Christine Mullin: So, from my perspective,  we have registrants that are straight-up stranger rapists. We have registrants that solicit a child online and then showed up here in our county from, you know, the West Coast to meet the child. We have people that have set up video cameras in their stepchild. I feel like If they’re required to register, we have them on here across the board.

 

 

Audience Question: Does the OffenderWatch collaborate with California Sex and Arson Registry? 

Adam Kirhagis: Yes, we do have participation in California. If he would e-mail, send me an e-mail, I can probably answer his question a little bit further and point him in the right direction. But we do have numerous counties within California that are on the network. Yes.

 

 

Audience Question: Fantastic. He had a follow-up. He tried to do a search on an offender who’s absconding and has a warrant for his arrest but is not actually in the Offender Watch program. Why would that be? 

Adam Kirhagis: It depends. What is the current agency that the offender is being managed by? The second question would be, does that county or did that agency subscribe to the OffenderWatch Network Please do, please, send me an e-mail on that and help you out with some searches or maybe they know he’s he may be registered in an OffenderWatch jurisdiction. and warrants can either be served or could be recalled. Or the US Marshals could get involved for either a UFLAP, the unlawful flight to avoid prosecution, or Adam Walsh Act.

 

 

Audience Question: Just out of curiosity, does this all work in reverse? Do other international agencies ever contact US agencies to help track down their sex offenders? 

Adam Kirhagis: Absolutely. We have a relationship with the Caribbean. We have the RCMP, Royal Canadian Mounted Police, very soon that they will be live with their own version of OffenderWatch. So, the entire country of Canada will be managing their sex offenders, Christopher’s Law will be managed by Offender Watch.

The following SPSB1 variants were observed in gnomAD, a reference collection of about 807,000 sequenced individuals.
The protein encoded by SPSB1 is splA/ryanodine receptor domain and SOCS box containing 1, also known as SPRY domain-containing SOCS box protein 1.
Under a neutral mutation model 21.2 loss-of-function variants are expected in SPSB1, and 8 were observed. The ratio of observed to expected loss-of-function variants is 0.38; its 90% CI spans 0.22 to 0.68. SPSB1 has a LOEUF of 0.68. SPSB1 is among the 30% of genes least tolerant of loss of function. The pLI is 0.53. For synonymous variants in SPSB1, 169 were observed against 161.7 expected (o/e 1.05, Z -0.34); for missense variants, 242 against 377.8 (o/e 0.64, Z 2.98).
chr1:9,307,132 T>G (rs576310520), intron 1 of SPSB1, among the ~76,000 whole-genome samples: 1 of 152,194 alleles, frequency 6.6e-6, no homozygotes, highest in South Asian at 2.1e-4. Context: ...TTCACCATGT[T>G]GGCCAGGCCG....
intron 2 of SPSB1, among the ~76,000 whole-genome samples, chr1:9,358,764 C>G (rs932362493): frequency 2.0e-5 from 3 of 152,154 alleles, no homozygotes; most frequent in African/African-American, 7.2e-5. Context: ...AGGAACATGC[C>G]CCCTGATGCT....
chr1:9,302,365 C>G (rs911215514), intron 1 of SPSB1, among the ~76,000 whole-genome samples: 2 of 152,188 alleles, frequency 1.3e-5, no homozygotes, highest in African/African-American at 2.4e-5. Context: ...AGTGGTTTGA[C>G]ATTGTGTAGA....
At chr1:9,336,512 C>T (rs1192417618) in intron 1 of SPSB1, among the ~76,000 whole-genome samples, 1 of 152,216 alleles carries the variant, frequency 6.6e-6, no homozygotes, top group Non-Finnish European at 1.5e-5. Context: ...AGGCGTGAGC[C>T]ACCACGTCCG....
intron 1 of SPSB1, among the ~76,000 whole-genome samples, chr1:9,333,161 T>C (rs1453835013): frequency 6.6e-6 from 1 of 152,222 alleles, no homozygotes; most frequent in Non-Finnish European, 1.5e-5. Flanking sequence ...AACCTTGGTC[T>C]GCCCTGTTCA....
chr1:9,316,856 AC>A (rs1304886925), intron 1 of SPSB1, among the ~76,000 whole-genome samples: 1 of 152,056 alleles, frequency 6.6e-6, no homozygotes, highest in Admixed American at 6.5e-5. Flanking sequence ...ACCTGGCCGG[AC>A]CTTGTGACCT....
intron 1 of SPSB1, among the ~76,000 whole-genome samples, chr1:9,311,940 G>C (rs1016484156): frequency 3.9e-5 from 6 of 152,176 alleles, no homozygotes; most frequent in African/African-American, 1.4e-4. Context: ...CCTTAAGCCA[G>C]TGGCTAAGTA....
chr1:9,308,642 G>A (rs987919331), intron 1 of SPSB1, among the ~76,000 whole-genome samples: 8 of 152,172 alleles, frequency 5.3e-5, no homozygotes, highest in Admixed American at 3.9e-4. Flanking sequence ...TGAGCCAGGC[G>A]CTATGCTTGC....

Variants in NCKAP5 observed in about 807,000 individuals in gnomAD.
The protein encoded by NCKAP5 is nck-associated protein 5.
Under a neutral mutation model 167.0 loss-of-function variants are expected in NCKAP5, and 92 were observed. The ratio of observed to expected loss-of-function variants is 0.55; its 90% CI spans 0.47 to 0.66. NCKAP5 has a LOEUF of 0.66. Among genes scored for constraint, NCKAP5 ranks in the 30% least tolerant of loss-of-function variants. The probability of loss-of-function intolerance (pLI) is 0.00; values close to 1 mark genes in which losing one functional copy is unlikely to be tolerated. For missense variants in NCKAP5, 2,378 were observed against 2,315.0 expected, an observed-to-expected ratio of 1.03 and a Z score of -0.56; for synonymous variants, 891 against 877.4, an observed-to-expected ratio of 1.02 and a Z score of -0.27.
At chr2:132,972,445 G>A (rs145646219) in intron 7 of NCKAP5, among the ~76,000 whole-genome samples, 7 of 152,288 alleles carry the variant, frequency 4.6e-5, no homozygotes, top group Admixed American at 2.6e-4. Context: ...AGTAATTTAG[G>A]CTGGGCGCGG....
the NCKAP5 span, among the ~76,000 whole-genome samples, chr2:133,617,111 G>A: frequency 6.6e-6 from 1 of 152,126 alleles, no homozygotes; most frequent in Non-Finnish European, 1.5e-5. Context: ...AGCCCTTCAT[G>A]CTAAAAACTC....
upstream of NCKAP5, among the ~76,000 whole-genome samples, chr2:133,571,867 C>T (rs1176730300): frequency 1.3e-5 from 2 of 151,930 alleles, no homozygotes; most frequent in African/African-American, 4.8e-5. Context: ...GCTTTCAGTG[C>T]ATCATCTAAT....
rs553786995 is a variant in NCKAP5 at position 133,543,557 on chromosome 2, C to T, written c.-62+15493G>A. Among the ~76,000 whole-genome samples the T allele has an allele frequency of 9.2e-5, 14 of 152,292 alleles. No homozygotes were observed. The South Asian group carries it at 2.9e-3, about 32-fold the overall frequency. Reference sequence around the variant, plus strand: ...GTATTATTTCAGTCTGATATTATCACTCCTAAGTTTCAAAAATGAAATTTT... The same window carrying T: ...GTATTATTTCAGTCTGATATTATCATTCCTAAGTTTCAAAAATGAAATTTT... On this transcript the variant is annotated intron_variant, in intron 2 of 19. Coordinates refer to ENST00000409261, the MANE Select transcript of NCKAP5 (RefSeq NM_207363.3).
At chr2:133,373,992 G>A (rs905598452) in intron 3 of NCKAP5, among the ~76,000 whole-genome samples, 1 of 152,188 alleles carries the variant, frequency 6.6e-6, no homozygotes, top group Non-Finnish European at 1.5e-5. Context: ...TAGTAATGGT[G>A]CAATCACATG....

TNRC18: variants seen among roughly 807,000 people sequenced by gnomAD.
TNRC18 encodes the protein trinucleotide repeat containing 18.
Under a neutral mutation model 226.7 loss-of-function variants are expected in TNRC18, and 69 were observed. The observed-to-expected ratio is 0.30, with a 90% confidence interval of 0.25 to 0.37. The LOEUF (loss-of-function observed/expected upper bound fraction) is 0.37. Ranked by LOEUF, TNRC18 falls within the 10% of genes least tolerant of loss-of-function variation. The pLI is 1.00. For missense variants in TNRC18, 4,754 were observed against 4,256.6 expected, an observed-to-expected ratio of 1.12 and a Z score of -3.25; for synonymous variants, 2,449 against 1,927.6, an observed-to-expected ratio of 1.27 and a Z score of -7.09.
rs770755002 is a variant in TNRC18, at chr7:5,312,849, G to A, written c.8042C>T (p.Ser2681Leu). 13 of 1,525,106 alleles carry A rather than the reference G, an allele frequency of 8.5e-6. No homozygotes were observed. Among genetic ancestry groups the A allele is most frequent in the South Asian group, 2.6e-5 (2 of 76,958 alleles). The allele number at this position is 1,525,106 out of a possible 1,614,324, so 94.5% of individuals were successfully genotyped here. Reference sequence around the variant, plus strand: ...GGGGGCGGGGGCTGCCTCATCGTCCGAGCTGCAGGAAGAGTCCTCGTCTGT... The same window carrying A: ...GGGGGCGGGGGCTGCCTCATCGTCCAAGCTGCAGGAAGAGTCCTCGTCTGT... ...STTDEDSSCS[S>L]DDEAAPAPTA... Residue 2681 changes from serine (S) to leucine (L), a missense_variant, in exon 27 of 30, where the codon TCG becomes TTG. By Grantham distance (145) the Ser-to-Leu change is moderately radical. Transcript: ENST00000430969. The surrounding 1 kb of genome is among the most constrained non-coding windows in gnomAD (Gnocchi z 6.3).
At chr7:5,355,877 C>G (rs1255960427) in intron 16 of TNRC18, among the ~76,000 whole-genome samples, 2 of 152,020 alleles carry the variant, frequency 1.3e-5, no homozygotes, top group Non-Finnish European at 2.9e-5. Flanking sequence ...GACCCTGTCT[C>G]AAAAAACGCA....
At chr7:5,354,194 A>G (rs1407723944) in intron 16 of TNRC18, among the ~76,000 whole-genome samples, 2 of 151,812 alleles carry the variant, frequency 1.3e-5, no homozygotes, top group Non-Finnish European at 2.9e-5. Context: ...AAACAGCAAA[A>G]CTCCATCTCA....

Audience Question: You talked about different types of offenders and why they aren’t necessarily complying with registration. In your experience what are those averages, pretty typical, that the audience shared, or what has been your experience, in terms of your observations of offenders? 

Christine Mullin: Honestly, I was trying to remember what the averages were. I feel like a large amount of those that are not truly compliant are just simply disorganized or you have other issues or addicts or you know, just truly wanderers, homeless. The other problem, I think and I’m sorry, I can’t remember the percentages of them. I feel like there is my experience. I feel like more of the intentional people that are intentionally deceitful are not necessarily for criminal purposes. I feel like it’s more for that they can’t get into the housing that they want because of government-subsidized roles or assistance roles. A landlord would not rent to a sex offender, that the family member putting them up, doesn’t want to be on the registry. The employer will fire them. I had a guy perfectly employed for eight months, probably lied on his initial application about his charge. When they eventually realized that they fired him. I feel like it’s more of that than the other, you know. I don’t know if that was helpful or not.

 

 

Audience Question: Just to kind of piggyback that Miriam was sharing that we had many offenders who had little in the way of personal resources, no phone, no possessions, no home but mentioned the notion that many of them are mentally ill, or if they have a cognitive disability. Is that a common experience? It sounds like what you’re saying, Christine, said it can be. 

Christine Mullin: It can be. There’s definitely a handful that they don’t get it. Then there’s the other ones, the ones that think it’s ridiculous that they’re on the registry and shouldn’t have to be bothered with it because of what they did really wasn’t that bad, you know. There are two mindsets.

 

 

Audience Question: The last question of the day is, is there any way to integrate Offender Watch with CAD mapping? So, we know nearby offenders during an incident. 

Adam Kirhagis: Oh, absolutely. There is a module in OffenderWatch where we can have an interface with your CAD system or for like a hazard file. When you get a call for service, you will know if the house has a sex offender living in that in a specific dwelling, there are agencies out there now that integrate OffenderWatch with their CAD system and will throw the address into their hazard file. It would be part of the text of the dispatched call.

 

Click Here to Watch a Recording of Collaborating to Catch a Predator.